Open Access
In: Amphibia-Reptilia

Abstract

Species that are threatened in their native range may actually prosper as introduced populations. To investigate how such introduced populations were established involves determining from where within the natural range the founder individuals originated. This can be accomplished through mtDNA barcoding. The common spadefoot toad (Pelobates fuscus) naturally occurs in the south and east of the Netherlands and has shown a rapid decline. Yet, a flourishing introduced population was recently discovered in the coastal dunes in the west of the country. We use mtDNA barcoding to determine the provenance of the introduced population. We sampled both native and introduced populations from the Netherlands and compared our sequences to haplotypes from across the entire distribution range. The mtDNA haplotypes found in the introduced population are distinct from those naturally occurring in the Netherlands and point towards an origin in the Pannonian Basin, on the boundary between Central and Southeastern Europe. Paradoxically, the thriving P. fuscus population in the Dutch coastal dunes should be considered a conservation risk to local biodiversity, even though within the native range in the Netherlands the species is severely threatened. Our study illustrates the complicated conservation questions associated with species that are both native and invasive.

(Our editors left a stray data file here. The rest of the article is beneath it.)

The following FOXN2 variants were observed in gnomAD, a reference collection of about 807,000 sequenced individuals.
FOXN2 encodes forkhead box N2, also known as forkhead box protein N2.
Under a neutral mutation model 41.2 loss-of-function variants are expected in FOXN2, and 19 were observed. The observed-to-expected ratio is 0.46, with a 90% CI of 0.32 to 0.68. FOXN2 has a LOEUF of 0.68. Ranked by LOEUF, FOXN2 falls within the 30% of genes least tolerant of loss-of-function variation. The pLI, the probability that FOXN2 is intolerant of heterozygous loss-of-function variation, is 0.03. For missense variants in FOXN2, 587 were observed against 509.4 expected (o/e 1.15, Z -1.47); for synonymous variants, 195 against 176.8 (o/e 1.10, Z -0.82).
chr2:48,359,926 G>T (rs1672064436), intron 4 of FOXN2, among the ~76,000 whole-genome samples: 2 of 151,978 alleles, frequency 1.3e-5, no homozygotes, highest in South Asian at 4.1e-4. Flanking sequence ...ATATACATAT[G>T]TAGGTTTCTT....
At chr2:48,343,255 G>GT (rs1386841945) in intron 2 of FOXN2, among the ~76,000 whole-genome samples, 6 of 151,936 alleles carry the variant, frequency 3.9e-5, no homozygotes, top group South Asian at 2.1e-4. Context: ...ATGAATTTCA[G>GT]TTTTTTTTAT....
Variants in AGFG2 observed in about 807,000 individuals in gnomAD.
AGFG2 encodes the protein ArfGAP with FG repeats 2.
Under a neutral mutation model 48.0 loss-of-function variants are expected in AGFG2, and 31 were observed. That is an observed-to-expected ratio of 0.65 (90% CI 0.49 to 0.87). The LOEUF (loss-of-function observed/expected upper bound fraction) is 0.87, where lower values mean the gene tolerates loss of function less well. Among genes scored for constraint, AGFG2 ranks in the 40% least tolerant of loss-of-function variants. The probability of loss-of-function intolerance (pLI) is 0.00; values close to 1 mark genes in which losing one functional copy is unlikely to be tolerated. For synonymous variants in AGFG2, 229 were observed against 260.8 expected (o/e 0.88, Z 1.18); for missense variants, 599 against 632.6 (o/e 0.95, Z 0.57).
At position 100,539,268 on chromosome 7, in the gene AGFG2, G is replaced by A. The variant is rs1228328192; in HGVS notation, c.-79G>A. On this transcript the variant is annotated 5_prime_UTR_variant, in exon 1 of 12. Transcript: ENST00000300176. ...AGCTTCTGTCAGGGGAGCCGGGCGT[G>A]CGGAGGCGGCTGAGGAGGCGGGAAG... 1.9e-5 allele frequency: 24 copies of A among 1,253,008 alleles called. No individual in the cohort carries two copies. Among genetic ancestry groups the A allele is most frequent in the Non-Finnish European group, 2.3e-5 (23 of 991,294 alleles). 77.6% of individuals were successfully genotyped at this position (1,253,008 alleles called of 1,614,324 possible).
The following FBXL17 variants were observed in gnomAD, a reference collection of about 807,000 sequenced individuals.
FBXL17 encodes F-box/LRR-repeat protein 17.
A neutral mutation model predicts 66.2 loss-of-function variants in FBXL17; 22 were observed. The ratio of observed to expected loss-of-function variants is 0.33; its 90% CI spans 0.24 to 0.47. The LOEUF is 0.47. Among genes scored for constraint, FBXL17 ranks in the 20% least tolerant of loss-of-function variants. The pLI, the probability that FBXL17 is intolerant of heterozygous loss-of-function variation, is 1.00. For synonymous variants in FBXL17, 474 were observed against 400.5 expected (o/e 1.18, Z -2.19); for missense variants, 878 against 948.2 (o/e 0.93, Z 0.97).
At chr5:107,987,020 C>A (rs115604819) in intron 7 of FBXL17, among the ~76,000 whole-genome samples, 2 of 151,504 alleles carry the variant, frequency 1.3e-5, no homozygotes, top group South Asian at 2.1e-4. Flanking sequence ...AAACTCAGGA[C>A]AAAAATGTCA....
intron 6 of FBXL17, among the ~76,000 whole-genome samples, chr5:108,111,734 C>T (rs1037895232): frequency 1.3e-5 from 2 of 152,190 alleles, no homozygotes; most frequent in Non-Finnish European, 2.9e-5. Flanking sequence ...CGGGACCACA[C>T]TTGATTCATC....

Open Access
In: Amphibia-Reptilia

Abstract

For most if not all European herpetofauna, range-wide mtDNA phylogeographies have been published. This facilitates establishing the provenance of introduced populations. However, precision is contingent on the spatial genetic structure across the range of the taxon under study and, in particular, from where within that range the introduction was sourced. In the Netherlands, the common midwife toad, Alytes obstetricans, only naturally occurs in the extreme southeast and is on the decline there. Yet, introduced populations thrive elsewhere in the country. We use mtDNA analysis to try to determine the origin of two introduced populations along the Dutch coast, in the city of The Hague and the dune area Meijendel. We compiled a database of hundreds of individuals from throughout the distribution range and added over 130 individuals from both native and introduced populations from the Netherlands, Belgium and Germany. The mtDNA haplotypes found in the introduced populations are associated with postglacial expansion. The main haplotype predominates in the natural range in the Netherlands, but also occurs much more widely across western Europe, north of the Pyrenees. A closely related haplotype, newly identified from The Hague, was not found in the native Netherlands range, suggesting an origin from abroad. The combination of low phylogeographic resolution and low sampling density in the postglacially colonized part of the range hampers our ability to determine the provenance of the introduced A. obstetricans populations.